By Falguni Upadhyaya
Describe one biological and one psychological therapy for schizophrenia and evaluate them in
terms of their appropriateness and effectiveness (8+16 marks)
One biological therapy available for individuals diagnosed with schizophrenia is the use of
antipsychotic drugs, which help to block serotonin and dopamine receptors in the brain.
These can come in two forms: typical and atypical. Typical drugs such as phenzothiazines reduce the
effects of dopamine the in brain and reduce the symptoms of schizophrenia, namely hallucinations
and delusions. These drugs bind to dopamine receptors and block their action. Atypical drugs, or
second-generation drugs, such as clozapine, act on both dopamine and serotonin receptors in the
brain. These drugs help by temporarily occupying D2 receptors and then quickly detach themselves to
allow for the normal release of dopamine in the brain. This particular characteristic of atypical drugs
is responsible for the lower levels of side effects (such as tardive dyskensia – the involuntary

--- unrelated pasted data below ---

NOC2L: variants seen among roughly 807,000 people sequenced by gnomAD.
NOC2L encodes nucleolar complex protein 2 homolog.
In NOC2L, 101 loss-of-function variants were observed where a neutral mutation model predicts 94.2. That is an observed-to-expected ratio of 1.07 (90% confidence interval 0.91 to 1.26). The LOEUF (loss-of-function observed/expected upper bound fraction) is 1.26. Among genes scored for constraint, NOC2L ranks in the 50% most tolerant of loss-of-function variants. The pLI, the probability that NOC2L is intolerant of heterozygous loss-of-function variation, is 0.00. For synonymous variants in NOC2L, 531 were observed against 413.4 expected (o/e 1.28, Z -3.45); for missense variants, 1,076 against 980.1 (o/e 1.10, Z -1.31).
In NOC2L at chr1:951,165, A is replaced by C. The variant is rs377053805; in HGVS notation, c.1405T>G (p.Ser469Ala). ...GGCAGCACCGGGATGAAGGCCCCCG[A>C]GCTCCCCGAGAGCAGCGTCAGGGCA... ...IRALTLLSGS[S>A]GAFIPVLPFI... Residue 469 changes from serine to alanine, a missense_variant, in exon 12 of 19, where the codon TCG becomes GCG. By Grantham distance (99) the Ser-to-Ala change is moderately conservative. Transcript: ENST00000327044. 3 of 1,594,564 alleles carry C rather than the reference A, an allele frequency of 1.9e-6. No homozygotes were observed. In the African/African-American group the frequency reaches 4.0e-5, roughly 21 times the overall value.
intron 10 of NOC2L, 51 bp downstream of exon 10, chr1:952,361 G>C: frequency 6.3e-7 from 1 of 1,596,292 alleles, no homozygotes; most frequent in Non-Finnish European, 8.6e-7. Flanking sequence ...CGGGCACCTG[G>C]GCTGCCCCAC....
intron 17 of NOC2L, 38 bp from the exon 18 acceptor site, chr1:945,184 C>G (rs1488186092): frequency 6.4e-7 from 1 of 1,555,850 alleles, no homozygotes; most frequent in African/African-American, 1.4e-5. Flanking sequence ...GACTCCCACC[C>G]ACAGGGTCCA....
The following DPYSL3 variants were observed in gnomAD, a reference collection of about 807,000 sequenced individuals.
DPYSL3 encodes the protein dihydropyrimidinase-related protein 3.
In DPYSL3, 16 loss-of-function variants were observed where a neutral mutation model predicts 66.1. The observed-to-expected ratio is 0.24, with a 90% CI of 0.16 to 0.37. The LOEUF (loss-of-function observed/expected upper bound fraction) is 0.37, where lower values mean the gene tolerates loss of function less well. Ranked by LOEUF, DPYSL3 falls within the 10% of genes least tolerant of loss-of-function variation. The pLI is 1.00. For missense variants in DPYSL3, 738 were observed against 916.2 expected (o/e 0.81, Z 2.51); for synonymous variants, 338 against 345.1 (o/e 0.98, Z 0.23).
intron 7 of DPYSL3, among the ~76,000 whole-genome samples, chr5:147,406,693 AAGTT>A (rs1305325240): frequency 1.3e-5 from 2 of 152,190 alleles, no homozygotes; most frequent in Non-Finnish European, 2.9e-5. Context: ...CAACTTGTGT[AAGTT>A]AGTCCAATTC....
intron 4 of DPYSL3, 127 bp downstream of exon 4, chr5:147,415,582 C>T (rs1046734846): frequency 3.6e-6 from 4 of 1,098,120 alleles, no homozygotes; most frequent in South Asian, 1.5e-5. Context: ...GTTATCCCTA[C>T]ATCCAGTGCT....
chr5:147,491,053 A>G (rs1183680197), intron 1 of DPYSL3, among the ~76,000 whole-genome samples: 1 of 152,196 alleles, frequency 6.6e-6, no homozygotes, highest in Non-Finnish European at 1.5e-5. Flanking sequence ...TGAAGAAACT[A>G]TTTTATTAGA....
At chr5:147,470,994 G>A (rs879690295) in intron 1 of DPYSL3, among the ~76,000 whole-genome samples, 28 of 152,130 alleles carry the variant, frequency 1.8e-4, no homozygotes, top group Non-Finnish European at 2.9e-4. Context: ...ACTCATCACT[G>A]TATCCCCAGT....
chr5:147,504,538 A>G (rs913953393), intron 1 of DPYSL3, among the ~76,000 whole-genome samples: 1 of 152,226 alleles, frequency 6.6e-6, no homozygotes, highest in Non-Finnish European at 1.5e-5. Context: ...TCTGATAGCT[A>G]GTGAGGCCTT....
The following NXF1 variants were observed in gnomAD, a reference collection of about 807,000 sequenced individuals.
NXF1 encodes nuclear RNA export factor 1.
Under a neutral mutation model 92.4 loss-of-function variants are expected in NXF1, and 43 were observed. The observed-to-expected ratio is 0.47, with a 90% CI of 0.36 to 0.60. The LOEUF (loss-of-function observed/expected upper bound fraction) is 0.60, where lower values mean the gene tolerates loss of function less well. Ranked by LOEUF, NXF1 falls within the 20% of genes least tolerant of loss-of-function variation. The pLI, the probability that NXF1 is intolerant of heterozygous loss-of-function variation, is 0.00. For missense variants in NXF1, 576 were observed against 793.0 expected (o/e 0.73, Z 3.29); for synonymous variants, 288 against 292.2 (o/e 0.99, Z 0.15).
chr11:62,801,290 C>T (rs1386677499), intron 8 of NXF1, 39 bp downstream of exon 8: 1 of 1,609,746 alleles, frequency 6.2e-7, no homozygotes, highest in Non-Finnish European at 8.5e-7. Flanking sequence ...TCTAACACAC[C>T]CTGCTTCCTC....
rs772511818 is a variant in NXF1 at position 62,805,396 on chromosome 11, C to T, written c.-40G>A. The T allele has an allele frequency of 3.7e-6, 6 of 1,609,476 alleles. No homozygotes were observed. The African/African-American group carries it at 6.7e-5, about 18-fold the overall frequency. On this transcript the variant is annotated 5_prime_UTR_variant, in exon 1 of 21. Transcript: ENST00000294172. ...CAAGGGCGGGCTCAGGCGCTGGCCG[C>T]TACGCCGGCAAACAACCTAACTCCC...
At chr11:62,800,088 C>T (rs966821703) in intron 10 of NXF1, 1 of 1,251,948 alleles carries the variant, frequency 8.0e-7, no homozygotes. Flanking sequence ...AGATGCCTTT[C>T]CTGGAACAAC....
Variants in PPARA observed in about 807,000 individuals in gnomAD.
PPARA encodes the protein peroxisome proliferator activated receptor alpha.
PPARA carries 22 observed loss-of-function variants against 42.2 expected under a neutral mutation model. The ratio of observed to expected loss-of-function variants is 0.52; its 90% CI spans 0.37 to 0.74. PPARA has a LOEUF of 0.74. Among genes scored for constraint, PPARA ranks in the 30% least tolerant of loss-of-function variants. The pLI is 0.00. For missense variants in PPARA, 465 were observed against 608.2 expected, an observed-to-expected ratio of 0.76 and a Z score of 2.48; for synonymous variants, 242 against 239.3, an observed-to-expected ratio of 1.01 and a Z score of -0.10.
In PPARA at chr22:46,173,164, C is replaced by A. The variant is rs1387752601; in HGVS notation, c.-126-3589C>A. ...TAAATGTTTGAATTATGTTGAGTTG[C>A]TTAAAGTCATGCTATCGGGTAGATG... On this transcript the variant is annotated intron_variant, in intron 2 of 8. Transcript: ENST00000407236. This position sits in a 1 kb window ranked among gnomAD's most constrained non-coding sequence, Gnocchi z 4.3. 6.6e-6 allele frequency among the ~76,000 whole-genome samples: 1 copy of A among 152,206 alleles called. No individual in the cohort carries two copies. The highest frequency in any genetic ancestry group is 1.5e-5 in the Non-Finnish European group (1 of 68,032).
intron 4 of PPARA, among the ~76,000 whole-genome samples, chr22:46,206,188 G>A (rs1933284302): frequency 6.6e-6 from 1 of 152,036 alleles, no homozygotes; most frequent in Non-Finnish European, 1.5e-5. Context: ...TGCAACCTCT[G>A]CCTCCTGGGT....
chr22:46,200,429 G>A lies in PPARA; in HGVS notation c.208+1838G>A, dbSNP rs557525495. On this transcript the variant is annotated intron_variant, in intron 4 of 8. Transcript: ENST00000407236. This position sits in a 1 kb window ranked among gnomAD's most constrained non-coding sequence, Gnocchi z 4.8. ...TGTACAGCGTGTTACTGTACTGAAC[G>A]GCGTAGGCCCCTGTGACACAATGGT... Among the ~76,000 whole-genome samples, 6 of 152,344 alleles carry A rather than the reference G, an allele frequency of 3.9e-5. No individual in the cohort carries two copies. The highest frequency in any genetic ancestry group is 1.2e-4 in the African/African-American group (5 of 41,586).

movement of the mouth and tongue).
There is research evidence to suggest that antipsychotic drugs are effective in their ability to provide a
solution for dealing with the sz. Davis et al (1990) analysed 29 relevant studies and found that relapse
only occurred in 19% of the people with Sz who continued using typical antipsychotic drugs. In
contrast 55% of those whose antipsychotic drugs were replaced with a placebo drug relapsed and
displayed symptoms of Sz again. This demonstrates the effectiveness of antipsychotic drugs in
reducing relapse rates of displaying symptoms of Sz. Furthermore, in support of the effectiveness of
antipsychotic drugs it is important for a patients’ recovery, that any treatment they are given works
quickly. Drug therapy reduces symptoms more rapidly than psychological therapies as it can have an
immediate effect on brain chemistry.
In terms of appropriateness, one of the problems with typical antipsychotic drugs is the serious side
effects – patients run the risk of developing tardive dyskensia (the involuntary movement of the
mouth and tongue). About 30% of people taking typical anti-psychotic medication develop this